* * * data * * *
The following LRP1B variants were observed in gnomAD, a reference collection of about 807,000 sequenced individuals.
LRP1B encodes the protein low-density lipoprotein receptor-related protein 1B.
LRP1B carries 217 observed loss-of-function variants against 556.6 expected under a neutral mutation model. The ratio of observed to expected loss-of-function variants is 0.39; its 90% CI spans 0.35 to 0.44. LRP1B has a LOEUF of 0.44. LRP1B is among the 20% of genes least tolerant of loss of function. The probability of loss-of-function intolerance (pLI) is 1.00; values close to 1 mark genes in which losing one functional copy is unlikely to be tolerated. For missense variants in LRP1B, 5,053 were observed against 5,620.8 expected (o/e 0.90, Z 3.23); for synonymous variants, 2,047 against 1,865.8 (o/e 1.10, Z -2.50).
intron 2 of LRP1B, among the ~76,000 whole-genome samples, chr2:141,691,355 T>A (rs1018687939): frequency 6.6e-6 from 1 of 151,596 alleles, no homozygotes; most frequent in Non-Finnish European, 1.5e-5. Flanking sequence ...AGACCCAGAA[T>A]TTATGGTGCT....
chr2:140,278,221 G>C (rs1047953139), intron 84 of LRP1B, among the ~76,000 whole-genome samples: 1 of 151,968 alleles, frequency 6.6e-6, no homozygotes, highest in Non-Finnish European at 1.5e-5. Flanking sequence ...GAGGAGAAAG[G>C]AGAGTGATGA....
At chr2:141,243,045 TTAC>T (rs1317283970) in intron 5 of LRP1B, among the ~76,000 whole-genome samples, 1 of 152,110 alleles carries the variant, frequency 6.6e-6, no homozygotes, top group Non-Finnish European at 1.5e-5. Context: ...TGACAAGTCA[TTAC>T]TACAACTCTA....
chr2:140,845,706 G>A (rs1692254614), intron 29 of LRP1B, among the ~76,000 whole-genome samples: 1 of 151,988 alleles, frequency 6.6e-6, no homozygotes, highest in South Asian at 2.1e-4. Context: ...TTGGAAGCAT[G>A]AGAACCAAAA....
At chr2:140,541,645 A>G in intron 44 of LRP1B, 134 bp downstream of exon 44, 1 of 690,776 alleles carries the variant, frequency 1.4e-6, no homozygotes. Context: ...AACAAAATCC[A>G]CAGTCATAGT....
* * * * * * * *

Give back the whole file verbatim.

The following LRP1B variants were observed in gnomAD, a reference collection of about 807,000 sequenced individuals.
LRP1B encodes the protein low-density lipoprotein receptor-related protein 1B.
LRP1B carries 217 observed loss-of-function variants against 556.6 expected under a neutral mutation model. The ratio of observed to expected loss-of-function variants is 0.39; its 90% CI spans 0.35 to 0.44. LRP1B has a LOEUF of 0.44. LRP1B is among the 20% of genes least tolerant of loss of function. The probability of loss-of-function intolerance (pLI) is 1.00; values close to 1 mark genes in which losing one functional copy is unlikely to be tolerated. For missense variants in LRP1B, 5,053 were observed against 5,620.8 expected (o/e 0.90, Z 3.23); for synonymous variants, 2,047 against 1,865.8 (o/e 1.10, Z -2.50).
intron 2 of LRP1B, among the ~76,000 whole-genome samples, chr2:141,691,355 T>A (rs1018687939): frequency 6.6e-6 from 1 of 151,596 alleles, no homozygotes; most frequent in Non-Finnish European, 1.5e-5. Flanking sequence ...AGACCCAGAA[T>A]TTATGGTGCT....
chr2:140,278,221 G>C (rs1047953139), intron 84 of LRP1B, among the ~76,000 whole-genome samples: 1 of 151,968 alleles, frequency 6.6e-6, no homozygotes, highest in Non-Finnish European at 1.5e-5. Flanking sequence ...GAGGAGAAAG[G>C]AGAGTGATGA....
At chr2:141,243,045 TTAC>T (rs1317283970) in intron 5 of LRP1B, among the ~76,000 whole-genome samples, 1 of 152,110 alleles carries the variant, frequency 6.6e-6, no homozygotes, top group Non-Finnish European at 1.5e-5. Context: ...TGACAAGTCA[TTAC>T]TACAACTCTA....
chr2:140,845,706 G>A (rs1692254614), intron 29 of LRP1B, among the ~76,000 whole-genome samples: 1 of 151,988 alleles, frequency 6.6e-6, no homozygotes, highest in South Asian at 2.1e-4. Context: ...TTGGAAGCAT[G>A]AGAACCAAAA....
At chr2:140,541,645 A>G in intron 44 of LRP1B, 134 bp downstream of exon 44, 1 of 690,776 alleles carries the variant, frequency 1.4e-6, no homozygotes. Context: ...AACAAAATCC[A>G]CAGTCATAGT....